Questions to Ask Yourself
Does my craft burn a fire in my chest and am I itching to make a piece of art? Do I value my sleep? Am I willing to sacrifice some moments of shut eye for work? How important is money to me? Can I imagine myself doing anything else? Money may not be a priority for you but it’s true that you can’t survive on passion alone. Another fact that one should come to terms with, you can’t be guaranteed to be the next YouTube sensation. Nothing is impossible and success is within your reach. Just bear in mind that pursuing a career for the fame and glamour which is portrayed in media, is never a good idea. South Africa has an abundant amount of opportunities for both performers and musicians, as well as various platforms to showcase your work as an artist such as theatre, film and festivals. Having the desire to showcase my work as an artist has made me realise that it is important to make your own opportunities. Waiting for an agent to find work for you, or waiting to be discovered and get your big break is not wrong at all. But taking initiative and putting yourself out there is just as valuable.
Tips From a Fellow Young Artist
- If you’ve chosen to study a degree in the arts, use your time at varsity to hone your craft. University is a safe environment for you to experiment with your art form as well as make art that you love. (You won’t always have the opportunity to make what you love when you leave varsity, especially if your work is dependent on someone else).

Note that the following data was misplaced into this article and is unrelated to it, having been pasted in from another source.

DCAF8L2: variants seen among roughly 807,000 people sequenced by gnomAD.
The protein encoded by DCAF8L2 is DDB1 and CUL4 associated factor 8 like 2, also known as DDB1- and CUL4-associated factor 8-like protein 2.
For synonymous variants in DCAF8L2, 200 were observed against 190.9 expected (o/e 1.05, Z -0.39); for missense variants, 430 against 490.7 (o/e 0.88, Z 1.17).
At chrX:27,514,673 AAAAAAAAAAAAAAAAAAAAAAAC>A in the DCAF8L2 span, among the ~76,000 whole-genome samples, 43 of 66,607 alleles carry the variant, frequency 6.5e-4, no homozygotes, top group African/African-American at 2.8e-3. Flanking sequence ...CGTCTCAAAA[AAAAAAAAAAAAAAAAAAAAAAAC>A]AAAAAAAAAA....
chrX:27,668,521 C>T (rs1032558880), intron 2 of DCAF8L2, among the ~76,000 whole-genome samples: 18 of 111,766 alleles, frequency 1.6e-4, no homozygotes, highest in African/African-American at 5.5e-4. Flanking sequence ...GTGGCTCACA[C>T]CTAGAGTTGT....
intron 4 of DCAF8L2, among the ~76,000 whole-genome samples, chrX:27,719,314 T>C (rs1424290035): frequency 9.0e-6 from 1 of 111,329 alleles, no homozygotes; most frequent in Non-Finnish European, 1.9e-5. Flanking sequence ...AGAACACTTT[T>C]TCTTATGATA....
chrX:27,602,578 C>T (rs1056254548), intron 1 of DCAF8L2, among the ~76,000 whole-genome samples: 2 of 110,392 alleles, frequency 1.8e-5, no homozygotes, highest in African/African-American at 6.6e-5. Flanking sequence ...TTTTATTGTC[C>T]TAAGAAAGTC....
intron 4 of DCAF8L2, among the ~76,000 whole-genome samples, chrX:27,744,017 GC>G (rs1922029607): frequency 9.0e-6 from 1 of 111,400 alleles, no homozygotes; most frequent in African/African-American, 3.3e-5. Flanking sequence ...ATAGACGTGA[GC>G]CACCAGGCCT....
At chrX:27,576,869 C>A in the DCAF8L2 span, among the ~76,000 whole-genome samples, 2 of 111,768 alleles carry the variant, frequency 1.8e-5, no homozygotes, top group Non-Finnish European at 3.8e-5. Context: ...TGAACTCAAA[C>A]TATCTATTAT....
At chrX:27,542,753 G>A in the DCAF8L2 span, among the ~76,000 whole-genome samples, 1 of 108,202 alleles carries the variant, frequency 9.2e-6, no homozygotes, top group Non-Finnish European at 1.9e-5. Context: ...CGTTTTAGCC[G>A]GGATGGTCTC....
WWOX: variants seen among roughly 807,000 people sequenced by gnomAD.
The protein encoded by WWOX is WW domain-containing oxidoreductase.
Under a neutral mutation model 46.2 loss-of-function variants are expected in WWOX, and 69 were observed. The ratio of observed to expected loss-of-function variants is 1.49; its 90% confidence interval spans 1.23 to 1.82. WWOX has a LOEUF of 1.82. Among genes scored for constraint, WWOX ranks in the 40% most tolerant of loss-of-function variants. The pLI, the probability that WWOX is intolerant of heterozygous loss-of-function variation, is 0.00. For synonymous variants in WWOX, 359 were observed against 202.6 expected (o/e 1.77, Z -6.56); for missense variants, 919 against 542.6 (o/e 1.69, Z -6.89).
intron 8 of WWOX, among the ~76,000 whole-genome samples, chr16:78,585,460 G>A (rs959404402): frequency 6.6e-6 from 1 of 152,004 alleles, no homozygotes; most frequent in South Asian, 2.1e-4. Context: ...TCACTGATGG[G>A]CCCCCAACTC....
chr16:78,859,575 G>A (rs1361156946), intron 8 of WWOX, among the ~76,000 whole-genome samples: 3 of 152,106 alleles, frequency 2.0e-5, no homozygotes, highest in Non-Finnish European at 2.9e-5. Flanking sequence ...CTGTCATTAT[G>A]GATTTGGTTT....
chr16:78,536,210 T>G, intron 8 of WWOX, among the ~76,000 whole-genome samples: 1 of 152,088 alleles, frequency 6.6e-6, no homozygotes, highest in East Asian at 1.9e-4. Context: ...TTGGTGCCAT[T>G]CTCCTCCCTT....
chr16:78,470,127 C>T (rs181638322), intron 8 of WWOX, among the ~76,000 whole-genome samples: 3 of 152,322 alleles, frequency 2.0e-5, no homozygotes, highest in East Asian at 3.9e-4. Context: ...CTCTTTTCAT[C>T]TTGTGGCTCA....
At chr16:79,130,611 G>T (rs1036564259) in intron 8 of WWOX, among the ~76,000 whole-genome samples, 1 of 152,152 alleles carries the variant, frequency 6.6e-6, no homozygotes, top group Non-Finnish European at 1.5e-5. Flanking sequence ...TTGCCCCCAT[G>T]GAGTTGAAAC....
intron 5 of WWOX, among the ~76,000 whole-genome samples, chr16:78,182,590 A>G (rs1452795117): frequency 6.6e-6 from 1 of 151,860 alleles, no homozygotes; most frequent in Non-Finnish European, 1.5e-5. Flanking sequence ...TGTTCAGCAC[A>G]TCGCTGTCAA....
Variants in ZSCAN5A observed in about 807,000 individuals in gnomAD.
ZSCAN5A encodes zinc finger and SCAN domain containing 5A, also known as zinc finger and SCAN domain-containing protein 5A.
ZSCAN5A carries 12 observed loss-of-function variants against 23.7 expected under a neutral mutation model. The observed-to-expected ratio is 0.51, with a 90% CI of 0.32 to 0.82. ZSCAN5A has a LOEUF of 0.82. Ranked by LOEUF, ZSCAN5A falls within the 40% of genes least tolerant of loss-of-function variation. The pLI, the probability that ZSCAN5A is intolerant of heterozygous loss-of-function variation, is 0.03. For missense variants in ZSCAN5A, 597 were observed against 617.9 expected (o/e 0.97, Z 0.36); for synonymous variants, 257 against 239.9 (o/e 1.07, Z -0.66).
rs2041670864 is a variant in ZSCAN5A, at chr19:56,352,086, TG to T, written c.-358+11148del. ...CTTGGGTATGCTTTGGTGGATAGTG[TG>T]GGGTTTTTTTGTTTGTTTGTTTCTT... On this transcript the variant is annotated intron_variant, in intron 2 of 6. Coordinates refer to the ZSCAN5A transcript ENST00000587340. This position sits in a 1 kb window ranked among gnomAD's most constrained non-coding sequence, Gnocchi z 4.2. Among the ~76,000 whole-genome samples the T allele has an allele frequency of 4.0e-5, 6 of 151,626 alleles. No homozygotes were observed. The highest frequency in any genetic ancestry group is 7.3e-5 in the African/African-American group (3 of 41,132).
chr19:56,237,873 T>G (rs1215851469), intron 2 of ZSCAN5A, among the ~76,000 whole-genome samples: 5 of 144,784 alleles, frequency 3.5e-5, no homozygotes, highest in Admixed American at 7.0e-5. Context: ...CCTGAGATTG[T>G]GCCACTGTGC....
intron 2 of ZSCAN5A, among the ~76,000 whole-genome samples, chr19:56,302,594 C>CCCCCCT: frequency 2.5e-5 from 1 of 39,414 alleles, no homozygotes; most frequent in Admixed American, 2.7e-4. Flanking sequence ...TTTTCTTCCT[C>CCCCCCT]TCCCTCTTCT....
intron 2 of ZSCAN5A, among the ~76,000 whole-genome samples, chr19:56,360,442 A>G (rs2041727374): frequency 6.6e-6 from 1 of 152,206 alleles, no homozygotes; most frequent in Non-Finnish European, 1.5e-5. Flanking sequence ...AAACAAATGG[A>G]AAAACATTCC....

- Network! Network! Network! Many say that your success is determined by who you know, not what you know. I don’t necessarily agree with this, although having connections in your field can make this scary industry friendlier and easier.
- Create good working connections (follow up from the previous tip). Your peers at varsity will most likely be the people you end up working with. Forging good, creative working relationships isn’t as easy as it seems. Challenges can arise in any working relationship. Treasure the gems that you find and continue working together, a common passion can go a long way.
- Save! Save! Save! One thing about this industry that you have to be aware of, is that it isn’t as reliable as other industries. Regardless of whether you have a frequent income or not, saving is important. Investing in a retirement fund is something to seriously consider.